I did my my first mud run on Saturday. Did I tell you that I was doing one?
After getting a preview of the Reebok Spartan Race in Times Square back in January, I’ve been kind of intrigued by the idea of an obstacle course race. When my friend Meg suggested that a group of us do a mud run together, I said yes.
After checking our schedules, we decided to register for the Dirty Girl Mud Run in New Jersey. It’s a women’s only 5K obstacle course. It’s untimed so it’s meant to be a fun way to be active with your friends and to challenge yourself.
It’s kind of the opposite of the Spartan Race but it was exactly what we were looking for – a fun, kid-less morning and a chance to laugh, be silly and have fun.
The event took place at Raceway Park in Englishtown, NJ, a motorsports park that usually features Drag Racing, Motocross Racing, Monster Truck rallies. It wasn’t the most scenic spot for a run but the facilities were well-suited for an obstacle course.
It was fun to see all the other women who came out to run, decked out in their matching uniforms which ranged from tutus and boas to Wonder Women costumes. We managed to pull together matching t-shirts and Sparkly Soul headbands.
Our wave started was 9:45am. We arrived about an hour ahead of time, giving us plenty of time to check-in, check our bags and visit some of the sponsors. My friends got their hair braided by the folks at Paul Mitchell which made me wish I still had long hair.
The course featured 12 obstacles in all along the 5K course, everything from wall climbs to mud pits to a rope ladder. We did every obstacle (you could always go around an obstacle if you didn’t feel comfortable doing it). Some of them were fairly easy and some of them were hard.
I’m not exactly sure what I was expecting but I thought that I might get a little muddy. I didn’t expect to be covered head to toe in mud.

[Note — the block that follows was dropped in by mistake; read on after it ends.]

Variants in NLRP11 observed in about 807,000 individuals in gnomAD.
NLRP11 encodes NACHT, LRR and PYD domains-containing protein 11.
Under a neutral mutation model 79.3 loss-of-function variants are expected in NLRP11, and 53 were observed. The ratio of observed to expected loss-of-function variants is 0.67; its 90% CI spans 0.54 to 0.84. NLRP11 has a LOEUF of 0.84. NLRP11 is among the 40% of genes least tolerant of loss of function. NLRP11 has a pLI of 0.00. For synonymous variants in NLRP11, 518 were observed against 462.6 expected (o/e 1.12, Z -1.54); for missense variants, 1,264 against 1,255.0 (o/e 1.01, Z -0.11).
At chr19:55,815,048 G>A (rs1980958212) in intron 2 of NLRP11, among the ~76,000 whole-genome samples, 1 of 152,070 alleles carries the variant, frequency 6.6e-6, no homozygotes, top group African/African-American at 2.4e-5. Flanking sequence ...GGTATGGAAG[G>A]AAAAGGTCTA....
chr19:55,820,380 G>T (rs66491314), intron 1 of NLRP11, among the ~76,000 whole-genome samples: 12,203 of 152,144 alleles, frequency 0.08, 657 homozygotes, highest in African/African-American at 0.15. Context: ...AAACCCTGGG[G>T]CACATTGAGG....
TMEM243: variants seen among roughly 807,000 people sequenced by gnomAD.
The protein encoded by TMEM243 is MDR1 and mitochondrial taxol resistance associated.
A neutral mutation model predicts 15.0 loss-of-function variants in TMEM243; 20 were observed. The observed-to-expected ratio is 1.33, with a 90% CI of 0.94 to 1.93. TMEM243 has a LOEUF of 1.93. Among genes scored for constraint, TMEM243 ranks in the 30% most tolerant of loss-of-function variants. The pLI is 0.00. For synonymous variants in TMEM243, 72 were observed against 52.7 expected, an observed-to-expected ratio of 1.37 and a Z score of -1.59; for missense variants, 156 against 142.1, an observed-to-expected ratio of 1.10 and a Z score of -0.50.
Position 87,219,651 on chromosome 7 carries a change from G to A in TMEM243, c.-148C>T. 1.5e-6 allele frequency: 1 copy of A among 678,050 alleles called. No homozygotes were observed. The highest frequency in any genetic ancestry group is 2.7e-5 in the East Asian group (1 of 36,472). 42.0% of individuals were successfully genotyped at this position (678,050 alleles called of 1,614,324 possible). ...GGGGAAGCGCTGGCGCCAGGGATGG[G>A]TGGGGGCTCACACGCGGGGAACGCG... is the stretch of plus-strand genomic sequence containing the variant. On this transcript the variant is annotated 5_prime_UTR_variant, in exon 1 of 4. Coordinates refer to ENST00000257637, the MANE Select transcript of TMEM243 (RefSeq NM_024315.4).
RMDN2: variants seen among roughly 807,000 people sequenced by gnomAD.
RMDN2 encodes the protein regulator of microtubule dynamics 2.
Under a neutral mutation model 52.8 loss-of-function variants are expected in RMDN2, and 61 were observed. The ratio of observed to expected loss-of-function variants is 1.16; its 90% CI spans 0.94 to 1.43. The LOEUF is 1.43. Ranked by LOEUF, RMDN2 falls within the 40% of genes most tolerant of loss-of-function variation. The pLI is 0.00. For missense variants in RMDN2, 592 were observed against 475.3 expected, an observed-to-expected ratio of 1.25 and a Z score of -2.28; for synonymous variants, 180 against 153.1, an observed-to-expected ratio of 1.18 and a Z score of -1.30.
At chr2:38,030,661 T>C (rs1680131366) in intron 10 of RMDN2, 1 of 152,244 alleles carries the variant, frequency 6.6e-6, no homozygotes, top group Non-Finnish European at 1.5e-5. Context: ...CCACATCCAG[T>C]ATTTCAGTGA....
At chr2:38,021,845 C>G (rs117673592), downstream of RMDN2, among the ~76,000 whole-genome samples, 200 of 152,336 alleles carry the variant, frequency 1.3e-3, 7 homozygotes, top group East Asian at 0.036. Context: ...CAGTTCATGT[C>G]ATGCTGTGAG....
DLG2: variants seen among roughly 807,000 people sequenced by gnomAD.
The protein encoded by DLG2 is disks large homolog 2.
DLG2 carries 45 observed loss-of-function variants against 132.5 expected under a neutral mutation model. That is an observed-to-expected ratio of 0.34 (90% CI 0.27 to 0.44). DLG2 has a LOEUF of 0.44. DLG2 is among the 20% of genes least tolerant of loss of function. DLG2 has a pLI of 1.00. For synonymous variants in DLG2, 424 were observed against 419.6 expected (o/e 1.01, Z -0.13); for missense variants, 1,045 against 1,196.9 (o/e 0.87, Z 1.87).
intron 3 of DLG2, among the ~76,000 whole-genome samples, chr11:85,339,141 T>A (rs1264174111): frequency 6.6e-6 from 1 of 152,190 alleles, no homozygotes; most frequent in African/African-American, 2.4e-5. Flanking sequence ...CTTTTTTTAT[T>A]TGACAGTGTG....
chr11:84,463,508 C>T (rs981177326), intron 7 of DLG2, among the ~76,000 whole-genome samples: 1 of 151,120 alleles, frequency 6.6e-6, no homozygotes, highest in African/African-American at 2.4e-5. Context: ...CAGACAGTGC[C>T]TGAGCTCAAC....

There was one obstacle which was literally a shallow pool of muddy water. It has a net hanging low over the pool which meant that you had to get down on your hands and knees and crawl through the mud. As I crawled to the end, the net kept getting lower and lower.
I think that I tried to push the net up or was just forced lower and lower down but basically, my entire left-side of my face went into the mud. When I got out, I wanted to wipe my face off except that I didn’t have an inch of clean shirt to use. I ended up dumping water on my face at the water station.
There was a really relaxed vibe at the run and lots of laughing. I mean, wouldn’t you if you were swimming through mud voluntarily?
During parts of the run, I thought it was easy. During other parts, I wasn’t sure how I was going to get up and over an obstacle. It was a great mix of challenge and fun.
There was so much mud everywhere at the end of the race. It spilled out of my shoes when I took them off. (P.S. You can opt to donate your shoes at the end and volunteers will clean them up and get them to people in need.)
We rinsed off, changed into clean clothes and headed home. I was definitely more tired and sore than I expected to be by the end of the day. I also took two showers to try to get all the mud off of me. I think that we all felt a sense of accomplishment for doing something different and tough.
If you’re thinking about running a mud run, here are some tips that I learned along the way and that were suggested to me by some friends on Facebook.
- Wear clothes that won’t soak up water and mud i.e. no cotton. Otherwise, you’ll be carrying around a lot of extra weight. Opt for something that’s wicking and / or made of compression material.
- Consider wearing capris and/or compression socks. I kind of wish that I worn longer pants. My knees and legs got scraped up when crawling through or over some of the obstacles.
- Tie your shoes tightly. The last thing that you want is to lose your shoes in the mud. Some people even recommended duck-taping your laces and shoes.
- Tie you hair back. Kind of obvious but you don’t want to have lots of hair dangling around your face and full of mud.
- If you wear contacts, bring your glasses just in case. There’s a chance that mud and dirt will get into your eye. That happened to me and I rinsed it out with water at an aid station. But if you end up having to toss your contacts, you want to make sure you have your glasses so you can see after the event is over!
- Try all the obstacles. A mud run is a way to get out of your comfort zone. You never know – you might surprise yourself. The sense of accomplishment that you feel when you get up and over the obstacle is pretty great.
- Post-run shower is just a rinse. It’s not meant to be a full, scrub-yourself-clean shower. Make sure that your towel and garbage bag for your muddy clothes is near the top of your bag. You don’t have to have to rummage through your bag with muddy hands.
- Have fun! Duh.
Have you run a mud run? Do you have any other tips to add?
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